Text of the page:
Review: Humboldt’s Gift by Saul Bellow

Today’s Throwback Thursday is a Pulitzer Prize winner, about a writer who receives a helping hand from his long dead mentor when all else is lost: Humboldt’s Gift by Saul Bellow.

Bellow has us follow the life of Charlie Citrine, a literary superstar who has two Pulitzers, a smash Broadway hit under his belt, and is struggling with the idea that he’s lost his artistic integrity. What makes it worse is that his smash Broadway hit is based upon the life of his dead mentor (the Humboldt of the title), who valued artistic integrity above commercial success. When Charlie is on his last legs, all his money dried up, and his final commercial success on the wane, one last gift from Humboldt arrives…

Now, Saul Bellow has been too clever for my liking here – because this whole thing is a thinly disguised novel about the relationship between Bellow himself (Charlie in the book) and Delmore Schwartz (Humboldt). I guess it could be interesting, (the relationship between artistic integrity and commercial success is valid, and a very American subject for a Great American Novel) but I just found it indulgent, a bit too knowing even – I mean, like giving himself two Pulitzers, what’s that all about? Too cute by half.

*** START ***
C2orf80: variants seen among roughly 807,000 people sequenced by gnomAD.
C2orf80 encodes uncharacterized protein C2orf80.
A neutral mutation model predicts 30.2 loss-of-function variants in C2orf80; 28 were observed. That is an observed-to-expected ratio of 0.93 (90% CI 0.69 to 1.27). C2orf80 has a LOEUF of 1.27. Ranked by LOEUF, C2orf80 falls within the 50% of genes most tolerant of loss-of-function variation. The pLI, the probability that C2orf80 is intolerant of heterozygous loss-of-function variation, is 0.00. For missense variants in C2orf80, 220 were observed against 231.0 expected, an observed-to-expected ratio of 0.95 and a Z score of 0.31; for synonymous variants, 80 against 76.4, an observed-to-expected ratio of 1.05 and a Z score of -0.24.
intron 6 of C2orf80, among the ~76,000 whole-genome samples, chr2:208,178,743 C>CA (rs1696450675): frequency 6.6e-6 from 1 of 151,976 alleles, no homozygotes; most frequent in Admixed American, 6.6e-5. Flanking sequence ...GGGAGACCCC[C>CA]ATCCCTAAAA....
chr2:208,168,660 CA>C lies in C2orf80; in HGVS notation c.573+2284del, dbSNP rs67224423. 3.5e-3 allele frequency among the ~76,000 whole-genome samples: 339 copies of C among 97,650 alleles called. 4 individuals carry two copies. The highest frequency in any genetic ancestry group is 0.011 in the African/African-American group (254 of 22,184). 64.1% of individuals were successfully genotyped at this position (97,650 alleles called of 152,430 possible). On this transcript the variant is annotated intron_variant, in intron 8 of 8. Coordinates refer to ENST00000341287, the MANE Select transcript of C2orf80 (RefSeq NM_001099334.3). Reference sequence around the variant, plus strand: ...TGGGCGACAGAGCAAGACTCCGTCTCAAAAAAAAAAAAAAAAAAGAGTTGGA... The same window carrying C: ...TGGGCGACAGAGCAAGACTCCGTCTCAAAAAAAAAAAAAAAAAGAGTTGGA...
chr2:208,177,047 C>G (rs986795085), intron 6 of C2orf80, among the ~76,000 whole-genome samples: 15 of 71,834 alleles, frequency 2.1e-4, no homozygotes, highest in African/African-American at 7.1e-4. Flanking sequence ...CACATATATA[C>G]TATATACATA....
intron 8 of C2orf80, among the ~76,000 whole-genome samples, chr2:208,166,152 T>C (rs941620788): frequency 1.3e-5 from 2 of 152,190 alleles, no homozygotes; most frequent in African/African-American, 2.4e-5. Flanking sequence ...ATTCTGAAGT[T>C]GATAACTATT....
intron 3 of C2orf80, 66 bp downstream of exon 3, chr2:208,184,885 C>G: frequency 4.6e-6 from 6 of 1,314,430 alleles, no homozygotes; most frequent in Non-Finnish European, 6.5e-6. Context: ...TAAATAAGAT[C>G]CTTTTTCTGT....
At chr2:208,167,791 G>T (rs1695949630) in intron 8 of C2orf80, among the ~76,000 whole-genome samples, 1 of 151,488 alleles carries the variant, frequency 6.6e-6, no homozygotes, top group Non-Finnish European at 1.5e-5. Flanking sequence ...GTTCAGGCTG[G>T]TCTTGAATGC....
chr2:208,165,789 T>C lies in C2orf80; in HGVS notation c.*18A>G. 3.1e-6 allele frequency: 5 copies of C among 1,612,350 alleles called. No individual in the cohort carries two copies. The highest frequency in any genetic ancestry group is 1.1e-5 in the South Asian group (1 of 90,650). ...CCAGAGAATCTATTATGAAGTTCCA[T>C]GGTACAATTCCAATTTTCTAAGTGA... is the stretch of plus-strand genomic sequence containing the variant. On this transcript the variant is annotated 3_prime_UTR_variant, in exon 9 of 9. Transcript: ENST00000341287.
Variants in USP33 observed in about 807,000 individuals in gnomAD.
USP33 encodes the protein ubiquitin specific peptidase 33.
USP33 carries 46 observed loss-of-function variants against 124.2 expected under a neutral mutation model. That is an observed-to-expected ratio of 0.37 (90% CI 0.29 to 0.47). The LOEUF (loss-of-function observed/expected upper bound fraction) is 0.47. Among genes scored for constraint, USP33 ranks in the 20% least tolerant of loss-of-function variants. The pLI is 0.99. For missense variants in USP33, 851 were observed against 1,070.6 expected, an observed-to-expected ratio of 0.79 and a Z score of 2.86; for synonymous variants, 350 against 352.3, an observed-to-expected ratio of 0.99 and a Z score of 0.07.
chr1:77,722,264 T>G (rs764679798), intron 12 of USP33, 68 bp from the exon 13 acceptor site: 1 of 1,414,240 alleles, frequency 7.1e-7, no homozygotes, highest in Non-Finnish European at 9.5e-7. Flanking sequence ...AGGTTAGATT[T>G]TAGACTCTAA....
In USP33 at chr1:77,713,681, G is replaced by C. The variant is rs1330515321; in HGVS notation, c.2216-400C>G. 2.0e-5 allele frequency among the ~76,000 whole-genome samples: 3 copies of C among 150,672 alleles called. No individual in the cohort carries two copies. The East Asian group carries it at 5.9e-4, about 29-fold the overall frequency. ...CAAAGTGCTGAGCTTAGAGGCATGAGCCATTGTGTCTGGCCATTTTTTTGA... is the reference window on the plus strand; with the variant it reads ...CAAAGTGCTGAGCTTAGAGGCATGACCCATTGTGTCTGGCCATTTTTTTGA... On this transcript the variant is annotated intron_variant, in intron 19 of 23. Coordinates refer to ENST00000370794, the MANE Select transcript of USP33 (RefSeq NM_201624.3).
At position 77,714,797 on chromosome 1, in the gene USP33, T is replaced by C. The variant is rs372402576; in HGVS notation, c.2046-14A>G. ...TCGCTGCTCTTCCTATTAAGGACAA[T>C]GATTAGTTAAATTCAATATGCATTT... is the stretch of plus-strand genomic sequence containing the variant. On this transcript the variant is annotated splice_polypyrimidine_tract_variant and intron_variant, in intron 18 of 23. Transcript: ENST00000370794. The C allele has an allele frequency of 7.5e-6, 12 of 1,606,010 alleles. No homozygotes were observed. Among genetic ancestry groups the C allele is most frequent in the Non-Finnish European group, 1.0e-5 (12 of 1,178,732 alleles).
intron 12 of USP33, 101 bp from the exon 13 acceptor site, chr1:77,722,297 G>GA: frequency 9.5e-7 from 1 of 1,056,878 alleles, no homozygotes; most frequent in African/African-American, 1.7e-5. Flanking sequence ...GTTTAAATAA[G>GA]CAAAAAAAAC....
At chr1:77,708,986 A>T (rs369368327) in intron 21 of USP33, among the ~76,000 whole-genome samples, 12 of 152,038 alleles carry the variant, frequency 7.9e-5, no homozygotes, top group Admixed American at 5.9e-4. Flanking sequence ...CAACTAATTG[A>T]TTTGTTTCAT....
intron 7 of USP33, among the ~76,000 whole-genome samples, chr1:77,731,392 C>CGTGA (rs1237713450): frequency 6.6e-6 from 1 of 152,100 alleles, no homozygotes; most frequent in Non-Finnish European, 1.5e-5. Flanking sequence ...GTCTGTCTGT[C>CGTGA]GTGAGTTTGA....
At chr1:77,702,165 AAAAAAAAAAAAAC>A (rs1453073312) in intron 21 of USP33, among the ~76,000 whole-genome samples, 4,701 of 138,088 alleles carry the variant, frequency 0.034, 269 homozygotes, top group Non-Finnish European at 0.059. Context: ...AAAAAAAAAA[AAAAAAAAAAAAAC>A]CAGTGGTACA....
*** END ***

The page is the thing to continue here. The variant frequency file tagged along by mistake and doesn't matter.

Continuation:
On top of it all, Bellow uses it to explore some of his own thoughts on spirituality, so you get stuck with passages like this:

“The physical body is an agent of the spirit and its mirror. It is an engine and a reflection of the spirit. It is the spirit’s ingenious memorandum to itself and the spirit sees itself in my body, just as I see my own face in a looking glass. My nerves reflect this. The earth is literally a mirror of thoughts. Objects themselves are embodied thoughts. Death is the dark backing that a mirror needs if we are to see anything.”

There are whole passages like this – some of them so dense that it’s a struggle to get through. Massive detours that don’t take the novel anywhere.

I just can’t recommend this one. Not even a little bit. It is possibly the most pretentious book I’ve ever read.

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